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Majority Win Could Make Second Term More Partisan

November 04, 2004|Doyle McManus and Janet Hook | Times Staff Writers

WASHINGTON — Four years ago, George W. Bush won his first term with fewer votes than his opponent, but governed as if the nation had granted him a clear mandate to pursue conservative policies.

This time, Bush can claim a solid mandate of 51% of the vote, which made him the first presidential candidate to win a clear majority since 1988 -- a point Bush aides made repeatedly Wednesday.

So although the president reached out to defeated Democrats in his brief victory remarks Wednesday afternoon, his aides and supporters were quick to suggest that his bipartisanship might not go far -- and that they expected Bush's second term to pursue even more ambitious conservative goals than the first.

"President Bush ran forthrightly on a clear agenda for this nation's future, and the nation responded by giving him a mandate," Vice President Dick Cheney said as he introduced Bush at the victory celebration.

"This is going to be a more creative and more controversial term than the first term," former House Speaker Newt Gingrich said.

In his first term, Bush pursued domestic policy goals that were already popular: tax cuts, education reforms and Medicare expansion. But for his second term, the president has chosen more controversial -- and politically more difficult -- priorities: revamping the federal tax code and restructuring Social Security, the most popular government program in history.

In foreign affairs, Bush entered the White House in 2001 with relatively modest aims, but his presidency was redefined by the terrorist attacks of Sept. 11 that year. Officials and experts said his second term was likely to be dominated by the unfinished business of the first: the war in Iraq, confrontations with Iran and North Korea, and the continuing struggle against Islamic terrorists around the world.

All that, Gingrich and others said, could make Bush's second term an exception to the normal historical pattern of recent presidencies -- at least in the scale of its ambitions. Instead of a lame-duck second term of small ideas and small achievements, Bush has staked out a list of ambitious, difficult goals.

"People say, 'The country's divided; shouldn't he be less ambitious?' " said Grover Norquist, president of the conservative Americans for Tax Reform. "No. This is a Republican-majority country. He will govern as aggressively as in the first term."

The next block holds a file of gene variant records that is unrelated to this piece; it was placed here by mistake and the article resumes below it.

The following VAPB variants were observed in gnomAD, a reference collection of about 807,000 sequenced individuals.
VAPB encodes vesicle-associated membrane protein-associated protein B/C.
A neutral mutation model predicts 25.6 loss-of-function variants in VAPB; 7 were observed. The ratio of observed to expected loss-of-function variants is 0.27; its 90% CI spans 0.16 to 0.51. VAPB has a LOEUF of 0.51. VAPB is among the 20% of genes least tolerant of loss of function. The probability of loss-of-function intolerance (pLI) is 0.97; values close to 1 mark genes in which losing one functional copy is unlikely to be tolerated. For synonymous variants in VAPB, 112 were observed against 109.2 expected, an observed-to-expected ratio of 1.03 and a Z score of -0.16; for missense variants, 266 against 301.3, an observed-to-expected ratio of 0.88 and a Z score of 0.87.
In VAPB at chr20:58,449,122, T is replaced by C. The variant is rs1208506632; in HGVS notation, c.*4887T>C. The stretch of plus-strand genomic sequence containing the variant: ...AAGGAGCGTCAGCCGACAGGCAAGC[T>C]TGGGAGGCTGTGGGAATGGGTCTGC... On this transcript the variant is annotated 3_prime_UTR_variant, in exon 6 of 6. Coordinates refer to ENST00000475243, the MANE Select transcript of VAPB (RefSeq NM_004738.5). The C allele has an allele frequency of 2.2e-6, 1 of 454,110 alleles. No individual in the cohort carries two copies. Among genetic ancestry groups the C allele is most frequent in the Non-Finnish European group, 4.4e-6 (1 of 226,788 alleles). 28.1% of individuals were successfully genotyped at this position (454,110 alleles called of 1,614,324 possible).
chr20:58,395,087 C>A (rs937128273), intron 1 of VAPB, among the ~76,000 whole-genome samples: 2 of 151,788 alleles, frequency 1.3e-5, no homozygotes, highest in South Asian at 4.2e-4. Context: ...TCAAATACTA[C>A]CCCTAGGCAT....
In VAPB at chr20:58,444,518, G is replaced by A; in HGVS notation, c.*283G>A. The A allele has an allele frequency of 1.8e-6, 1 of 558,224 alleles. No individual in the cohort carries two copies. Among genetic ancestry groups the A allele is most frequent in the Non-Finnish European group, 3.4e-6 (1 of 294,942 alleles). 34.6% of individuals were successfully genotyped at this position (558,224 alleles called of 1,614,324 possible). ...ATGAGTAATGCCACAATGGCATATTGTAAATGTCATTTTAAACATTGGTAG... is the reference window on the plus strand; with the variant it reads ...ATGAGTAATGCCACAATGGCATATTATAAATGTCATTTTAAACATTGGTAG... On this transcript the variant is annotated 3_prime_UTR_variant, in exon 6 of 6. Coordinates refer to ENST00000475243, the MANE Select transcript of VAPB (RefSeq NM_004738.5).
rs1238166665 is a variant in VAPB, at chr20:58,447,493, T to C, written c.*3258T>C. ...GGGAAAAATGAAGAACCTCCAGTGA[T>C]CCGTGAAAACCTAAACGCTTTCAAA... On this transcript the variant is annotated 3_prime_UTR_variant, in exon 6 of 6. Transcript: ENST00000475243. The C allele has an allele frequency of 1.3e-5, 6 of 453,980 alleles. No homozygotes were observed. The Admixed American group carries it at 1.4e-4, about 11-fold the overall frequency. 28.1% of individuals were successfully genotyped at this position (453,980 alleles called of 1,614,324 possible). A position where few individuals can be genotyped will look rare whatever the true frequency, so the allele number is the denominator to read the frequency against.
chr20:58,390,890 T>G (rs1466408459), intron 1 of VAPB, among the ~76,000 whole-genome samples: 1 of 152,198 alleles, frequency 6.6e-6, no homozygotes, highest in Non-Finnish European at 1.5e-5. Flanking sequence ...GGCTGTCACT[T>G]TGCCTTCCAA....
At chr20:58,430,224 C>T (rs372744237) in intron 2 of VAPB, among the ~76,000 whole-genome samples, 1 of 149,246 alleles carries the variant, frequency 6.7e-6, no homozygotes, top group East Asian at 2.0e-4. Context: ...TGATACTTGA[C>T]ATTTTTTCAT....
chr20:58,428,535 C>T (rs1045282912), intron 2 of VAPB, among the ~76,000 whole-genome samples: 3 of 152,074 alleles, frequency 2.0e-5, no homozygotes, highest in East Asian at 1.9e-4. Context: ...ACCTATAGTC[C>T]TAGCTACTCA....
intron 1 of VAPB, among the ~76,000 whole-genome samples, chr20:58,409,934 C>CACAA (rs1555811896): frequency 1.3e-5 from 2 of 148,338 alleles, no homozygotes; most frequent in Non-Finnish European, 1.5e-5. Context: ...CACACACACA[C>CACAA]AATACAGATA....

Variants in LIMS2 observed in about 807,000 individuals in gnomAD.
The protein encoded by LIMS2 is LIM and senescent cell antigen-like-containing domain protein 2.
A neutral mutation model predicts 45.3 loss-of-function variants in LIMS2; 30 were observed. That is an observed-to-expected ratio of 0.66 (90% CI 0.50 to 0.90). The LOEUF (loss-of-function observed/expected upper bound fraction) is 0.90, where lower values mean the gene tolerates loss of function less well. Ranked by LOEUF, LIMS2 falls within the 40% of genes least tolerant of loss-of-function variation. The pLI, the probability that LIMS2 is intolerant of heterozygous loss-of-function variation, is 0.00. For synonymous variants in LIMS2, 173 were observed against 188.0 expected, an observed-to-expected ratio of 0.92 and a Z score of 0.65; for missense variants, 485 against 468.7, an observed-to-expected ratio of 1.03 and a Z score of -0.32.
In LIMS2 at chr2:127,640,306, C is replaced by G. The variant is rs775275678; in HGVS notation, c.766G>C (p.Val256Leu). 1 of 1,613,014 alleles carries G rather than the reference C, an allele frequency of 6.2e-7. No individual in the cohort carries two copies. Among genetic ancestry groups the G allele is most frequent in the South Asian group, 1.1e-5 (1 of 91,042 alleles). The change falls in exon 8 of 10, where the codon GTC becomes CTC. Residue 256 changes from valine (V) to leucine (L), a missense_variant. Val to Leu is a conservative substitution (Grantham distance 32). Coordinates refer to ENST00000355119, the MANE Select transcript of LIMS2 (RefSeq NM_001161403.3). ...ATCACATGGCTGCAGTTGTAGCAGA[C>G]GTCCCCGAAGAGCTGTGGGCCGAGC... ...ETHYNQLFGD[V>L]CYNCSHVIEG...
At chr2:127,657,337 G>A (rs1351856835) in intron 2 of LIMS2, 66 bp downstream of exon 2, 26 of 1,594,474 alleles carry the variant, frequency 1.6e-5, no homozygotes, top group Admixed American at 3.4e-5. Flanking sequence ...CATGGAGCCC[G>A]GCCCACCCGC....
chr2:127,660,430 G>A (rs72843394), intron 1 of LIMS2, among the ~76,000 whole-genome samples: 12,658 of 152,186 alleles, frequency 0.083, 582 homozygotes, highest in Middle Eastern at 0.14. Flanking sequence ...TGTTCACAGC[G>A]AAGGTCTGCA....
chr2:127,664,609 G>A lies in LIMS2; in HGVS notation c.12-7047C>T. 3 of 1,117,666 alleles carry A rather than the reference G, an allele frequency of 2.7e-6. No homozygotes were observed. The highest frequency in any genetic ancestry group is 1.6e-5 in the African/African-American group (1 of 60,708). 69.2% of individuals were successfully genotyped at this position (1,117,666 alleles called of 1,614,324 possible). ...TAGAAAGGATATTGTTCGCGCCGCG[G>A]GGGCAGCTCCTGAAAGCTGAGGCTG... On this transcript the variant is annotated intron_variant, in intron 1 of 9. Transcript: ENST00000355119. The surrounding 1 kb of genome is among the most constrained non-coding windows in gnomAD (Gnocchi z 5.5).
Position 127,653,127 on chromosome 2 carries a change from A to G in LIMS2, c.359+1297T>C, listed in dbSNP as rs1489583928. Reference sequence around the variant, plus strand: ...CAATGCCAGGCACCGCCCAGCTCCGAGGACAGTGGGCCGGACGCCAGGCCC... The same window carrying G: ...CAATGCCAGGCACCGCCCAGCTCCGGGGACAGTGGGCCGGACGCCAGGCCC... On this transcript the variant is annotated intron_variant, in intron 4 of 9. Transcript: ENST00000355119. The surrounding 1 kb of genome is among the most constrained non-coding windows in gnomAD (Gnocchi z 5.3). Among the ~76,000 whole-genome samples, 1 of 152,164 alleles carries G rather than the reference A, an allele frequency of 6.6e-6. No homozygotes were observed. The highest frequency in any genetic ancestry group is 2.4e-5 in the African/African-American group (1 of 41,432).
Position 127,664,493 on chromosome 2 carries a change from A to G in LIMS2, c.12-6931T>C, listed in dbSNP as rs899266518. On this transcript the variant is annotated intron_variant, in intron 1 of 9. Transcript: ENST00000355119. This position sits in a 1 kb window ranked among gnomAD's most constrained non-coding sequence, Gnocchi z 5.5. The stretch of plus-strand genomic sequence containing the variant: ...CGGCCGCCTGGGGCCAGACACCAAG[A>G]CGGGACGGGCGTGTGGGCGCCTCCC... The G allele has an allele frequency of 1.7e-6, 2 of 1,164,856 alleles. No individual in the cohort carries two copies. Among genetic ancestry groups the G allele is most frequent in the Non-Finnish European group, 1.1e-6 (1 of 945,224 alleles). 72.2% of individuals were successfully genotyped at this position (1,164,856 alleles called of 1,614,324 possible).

The president described his second-term program Wednesday in broad-brush, detail-free terms: "We will continue our economic progress. We will reform our outdated tax code. We will strengthen the Social Security for the next generation. We will make public schools all they can be....We will help the emerging democracies of Iraq and Afghanistan so they can grow in strength and defend their freedom, and then our servicemen and women will come home with the honor they have earned."

But it will be no easy task to simplify the tax code's tangle of provisions that benefit powerful and entrenched interests, or to remake Social Security, a program long called the "third rail of politics" because members of Congress believed touching it would be fatal to their careers.

"It's always easy to give more money away," said Sen. Lindsey O. Graham (R-S.C.), referring to Bush's first-term tax cuts. "Now what the president is going to have to do is challenge the Congress, lay out the facts and challenge his own party and the Democrats."

In his first four years, Bush cut taxes at a time when the economy needed a lift and the federal budget enjoyed a surplus -- initially, at least. He expanded Medicare benefits the way members of both parties had been advocating for years. And he tried to improve education at a time when many Democrats agreed that standards needed to be raised.

By contrast, his second-term agenda includes more risk for politicians -- and asks for more sacrifice from voters.

Simplifying the tax code is a Herculean political task because so many powerful interests are poised to defend every tax credit, deduction and subsidy in the Internal Revenue Code. The changes Bush seeks in Social Security -- allowing workers to invest some of their payroll taxes in private accounts -- would strip some future retirees of government guarantees in exchange for the possibility of greater rewards, and could cost trillions of dollars to implement.

Republicans close to the White House say Bush is determined to leave a revamped Social Security system as his legacy. They describe him as inspired both by statesmanlike zeal to solve a long-neglected problem and by ideological desire to replace the government-run safety net with a system that relies on individual choice and responsibility.

Bush also has pledged to cut the federal budget deficit in half in five years, a goal that would be difficult to achieve even without costly military spending in Iraq and Afghanistan.

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